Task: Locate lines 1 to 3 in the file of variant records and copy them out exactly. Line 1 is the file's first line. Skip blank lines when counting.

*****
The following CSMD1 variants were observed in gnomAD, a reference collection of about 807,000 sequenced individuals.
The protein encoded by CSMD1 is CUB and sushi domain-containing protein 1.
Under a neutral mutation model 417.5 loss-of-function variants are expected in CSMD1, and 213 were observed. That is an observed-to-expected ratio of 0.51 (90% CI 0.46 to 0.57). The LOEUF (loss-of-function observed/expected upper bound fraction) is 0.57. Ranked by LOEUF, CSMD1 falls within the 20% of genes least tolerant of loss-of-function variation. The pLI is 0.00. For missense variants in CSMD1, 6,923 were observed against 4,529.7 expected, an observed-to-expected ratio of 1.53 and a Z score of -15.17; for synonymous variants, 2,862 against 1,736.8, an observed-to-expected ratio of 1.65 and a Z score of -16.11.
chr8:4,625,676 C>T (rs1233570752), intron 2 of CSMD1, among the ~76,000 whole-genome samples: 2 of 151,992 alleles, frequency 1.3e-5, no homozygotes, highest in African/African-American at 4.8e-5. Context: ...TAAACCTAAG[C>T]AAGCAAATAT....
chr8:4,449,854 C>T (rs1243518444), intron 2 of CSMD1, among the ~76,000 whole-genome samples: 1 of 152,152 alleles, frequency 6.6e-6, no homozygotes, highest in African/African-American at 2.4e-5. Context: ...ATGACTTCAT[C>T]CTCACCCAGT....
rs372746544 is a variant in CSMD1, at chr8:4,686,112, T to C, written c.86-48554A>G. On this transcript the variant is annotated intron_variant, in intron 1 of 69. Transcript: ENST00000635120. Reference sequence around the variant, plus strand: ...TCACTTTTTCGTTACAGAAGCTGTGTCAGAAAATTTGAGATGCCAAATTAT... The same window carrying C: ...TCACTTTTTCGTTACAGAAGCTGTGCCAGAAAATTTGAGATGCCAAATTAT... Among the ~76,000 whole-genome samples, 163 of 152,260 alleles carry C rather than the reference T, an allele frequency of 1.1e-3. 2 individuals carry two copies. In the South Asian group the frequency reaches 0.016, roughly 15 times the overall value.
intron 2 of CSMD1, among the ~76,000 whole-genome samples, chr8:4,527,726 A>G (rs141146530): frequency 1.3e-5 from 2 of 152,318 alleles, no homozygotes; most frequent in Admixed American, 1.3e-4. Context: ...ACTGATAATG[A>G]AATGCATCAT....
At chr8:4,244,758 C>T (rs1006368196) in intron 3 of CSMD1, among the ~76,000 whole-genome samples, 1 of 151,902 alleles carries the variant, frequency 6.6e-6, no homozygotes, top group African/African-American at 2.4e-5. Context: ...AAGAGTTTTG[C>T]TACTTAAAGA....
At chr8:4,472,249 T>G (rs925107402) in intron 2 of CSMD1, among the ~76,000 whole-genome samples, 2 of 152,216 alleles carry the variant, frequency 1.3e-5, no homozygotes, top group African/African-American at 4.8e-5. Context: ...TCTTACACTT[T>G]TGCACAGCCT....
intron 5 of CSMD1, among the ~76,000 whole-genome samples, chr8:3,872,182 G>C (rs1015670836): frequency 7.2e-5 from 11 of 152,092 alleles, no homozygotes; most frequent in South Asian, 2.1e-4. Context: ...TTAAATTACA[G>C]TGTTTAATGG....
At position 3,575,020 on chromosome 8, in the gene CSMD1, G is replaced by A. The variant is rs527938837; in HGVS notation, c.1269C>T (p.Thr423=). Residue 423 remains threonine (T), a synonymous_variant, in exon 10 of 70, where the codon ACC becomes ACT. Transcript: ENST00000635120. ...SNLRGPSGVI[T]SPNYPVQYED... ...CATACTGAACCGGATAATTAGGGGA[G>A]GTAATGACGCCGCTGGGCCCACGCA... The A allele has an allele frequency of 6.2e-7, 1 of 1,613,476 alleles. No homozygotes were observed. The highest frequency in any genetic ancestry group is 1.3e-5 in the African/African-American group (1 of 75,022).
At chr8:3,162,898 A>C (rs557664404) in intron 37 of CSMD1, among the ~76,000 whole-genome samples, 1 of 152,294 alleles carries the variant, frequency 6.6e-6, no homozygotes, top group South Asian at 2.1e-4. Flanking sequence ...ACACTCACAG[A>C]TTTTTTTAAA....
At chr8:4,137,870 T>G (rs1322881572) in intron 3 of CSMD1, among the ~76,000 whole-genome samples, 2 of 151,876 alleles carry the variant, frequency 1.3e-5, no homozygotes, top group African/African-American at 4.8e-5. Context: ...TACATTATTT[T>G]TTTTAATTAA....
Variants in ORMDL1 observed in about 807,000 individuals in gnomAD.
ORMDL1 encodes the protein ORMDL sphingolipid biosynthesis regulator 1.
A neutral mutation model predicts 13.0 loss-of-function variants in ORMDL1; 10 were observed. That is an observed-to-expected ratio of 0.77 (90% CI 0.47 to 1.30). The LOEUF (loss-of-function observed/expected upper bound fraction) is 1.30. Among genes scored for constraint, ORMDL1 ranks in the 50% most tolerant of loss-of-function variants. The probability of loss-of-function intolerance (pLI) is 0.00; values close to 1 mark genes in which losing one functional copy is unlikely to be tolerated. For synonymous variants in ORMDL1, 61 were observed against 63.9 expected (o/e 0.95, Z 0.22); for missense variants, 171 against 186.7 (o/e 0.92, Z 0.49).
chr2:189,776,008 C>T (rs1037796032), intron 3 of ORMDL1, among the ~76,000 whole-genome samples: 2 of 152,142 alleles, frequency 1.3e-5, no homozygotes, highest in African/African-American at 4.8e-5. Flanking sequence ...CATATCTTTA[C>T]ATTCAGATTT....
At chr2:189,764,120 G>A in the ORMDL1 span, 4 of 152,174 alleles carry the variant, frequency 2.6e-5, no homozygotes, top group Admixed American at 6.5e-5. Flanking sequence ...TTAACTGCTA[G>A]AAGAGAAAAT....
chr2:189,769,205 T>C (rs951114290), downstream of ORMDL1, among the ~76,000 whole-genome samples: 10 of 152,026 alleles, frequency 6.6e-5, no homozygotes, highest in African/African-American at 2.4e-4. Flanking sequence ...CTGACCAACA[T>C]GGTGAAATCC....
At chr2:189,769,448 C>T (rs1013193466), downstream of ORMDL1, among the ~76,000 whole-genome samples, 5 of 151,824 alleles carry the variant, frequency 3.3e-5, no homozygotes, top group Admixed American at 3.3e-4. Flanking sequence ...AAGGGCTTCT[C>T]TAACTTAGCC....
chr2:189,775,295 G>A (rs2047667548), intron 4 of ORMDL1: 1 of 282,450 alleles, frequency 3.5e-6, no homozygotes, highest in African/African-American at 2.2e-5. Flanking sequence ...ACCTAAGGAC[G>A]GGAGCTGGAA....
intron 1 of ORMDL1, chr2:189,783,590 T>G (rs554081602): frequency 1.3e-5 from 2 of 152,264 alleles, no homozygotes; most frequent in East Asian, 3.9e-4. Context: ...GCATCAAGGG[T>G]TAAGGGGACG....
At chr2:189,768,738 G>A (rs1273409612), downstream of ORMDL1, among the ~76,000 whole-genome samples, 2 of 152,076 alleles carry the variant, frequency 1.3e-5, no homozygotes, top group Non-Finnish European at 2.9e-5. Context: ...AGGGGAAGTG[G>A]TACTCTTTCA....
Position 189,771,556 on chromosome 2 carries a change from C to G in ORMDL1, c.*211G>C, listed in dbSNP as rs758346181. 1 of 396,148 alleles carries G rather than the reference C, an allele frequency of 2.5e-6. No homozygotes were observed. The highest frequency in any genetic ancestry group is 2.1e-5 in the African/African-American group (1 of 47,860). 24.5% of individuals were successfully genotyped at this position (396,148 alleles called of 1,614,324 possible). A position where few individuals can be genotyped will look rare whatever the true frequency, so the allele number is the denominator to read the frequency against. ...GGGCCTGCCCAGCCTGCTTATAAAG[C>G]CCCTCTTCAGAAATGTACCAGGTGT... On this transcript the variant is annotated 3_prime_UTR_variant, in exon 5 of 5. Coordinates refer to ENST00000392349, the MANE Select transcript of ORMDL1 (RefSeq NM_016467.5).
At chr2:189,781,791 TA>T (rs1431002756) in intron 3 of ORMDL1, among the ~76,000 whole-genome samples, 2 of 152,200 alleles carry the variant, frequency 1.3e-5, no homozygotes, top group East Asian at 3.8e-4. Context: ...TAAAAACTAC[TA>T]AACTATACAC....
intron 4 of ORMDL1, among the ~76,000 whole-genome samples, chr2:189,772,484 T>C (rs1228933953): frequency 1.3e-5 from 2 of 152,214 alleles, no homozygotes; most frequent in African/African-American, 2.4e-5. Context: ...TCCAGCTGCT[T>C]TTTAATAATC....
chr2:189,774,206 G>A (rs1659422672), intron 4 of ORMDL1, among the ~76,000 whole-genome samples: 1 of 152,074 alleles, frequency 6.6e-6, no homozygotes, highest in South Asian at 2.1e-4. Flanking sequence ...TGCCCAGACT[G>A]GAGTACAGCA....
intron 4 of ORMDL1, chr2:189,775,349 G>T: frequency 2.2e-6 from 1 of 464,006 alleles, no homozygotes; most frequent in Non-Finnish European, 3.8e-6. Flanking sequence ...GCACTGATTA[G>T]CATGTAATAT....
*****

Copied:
The following CSMD1 variants were observed in gnomAD, a reference collection of about 807,000 sequenced individuals.
The protein encoded by CSMD1 is CUB and sushi domain-containing protein 1.
Under a neutral mutation model 417.5 loss-of-function variants are expected in CSMD1, and 213 were observed. That is an observed-to-expected ratio of 0.51 (90% CI 0.46 to 0.57). The LOEUF (loss-of-function observed/expected upper bound fraction) is 0.57. Ranked by LOEUF, CSMD1 falls within the 20% of genes least tolerant of loss-of-function variation. The pLI is 0.00. For missense variants in CSMD1, 6,923 were observed against 4,529.7 expected, an observed-to-expected ratio of 1.53 and a Z score of -15.17; for synonymous variants, 2,862 against 1,736.8, an observed-to-expected ratio of 1.65 and a Z score of -16.11.